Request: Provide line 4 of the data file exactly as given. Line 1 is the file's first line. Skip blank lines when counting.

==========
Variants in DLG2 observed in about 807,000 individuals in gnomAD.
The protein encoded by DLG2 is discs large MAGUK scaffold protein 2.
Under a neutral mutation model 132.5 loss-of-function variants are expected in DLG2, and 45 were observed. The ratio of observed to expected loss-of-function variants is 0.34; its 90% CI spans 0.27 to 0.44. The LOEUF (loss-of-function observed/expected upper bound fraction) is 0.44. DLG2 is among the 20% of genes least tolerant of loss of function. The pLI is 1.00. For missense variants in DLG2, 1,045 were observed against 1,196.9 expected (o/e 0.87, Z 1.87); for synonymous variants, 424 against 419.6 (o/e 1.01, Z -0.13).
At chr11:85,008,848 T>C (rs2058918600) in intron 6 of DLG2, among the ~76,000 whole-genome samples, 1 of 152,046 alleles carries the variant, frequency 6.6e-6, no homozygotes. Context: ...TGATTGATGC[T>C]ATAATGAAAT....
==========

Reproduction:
At chr11:85,008,848 T>C (rs2058918600) in intron 6 of DLG2, among the ~76,000 whole-genome samples, 1 of 152,046 alleles carries the variant, frequency 6.6e-6, no homozygotes. Context: ...TGATTGATGC[T>C]ATAATGAAAT....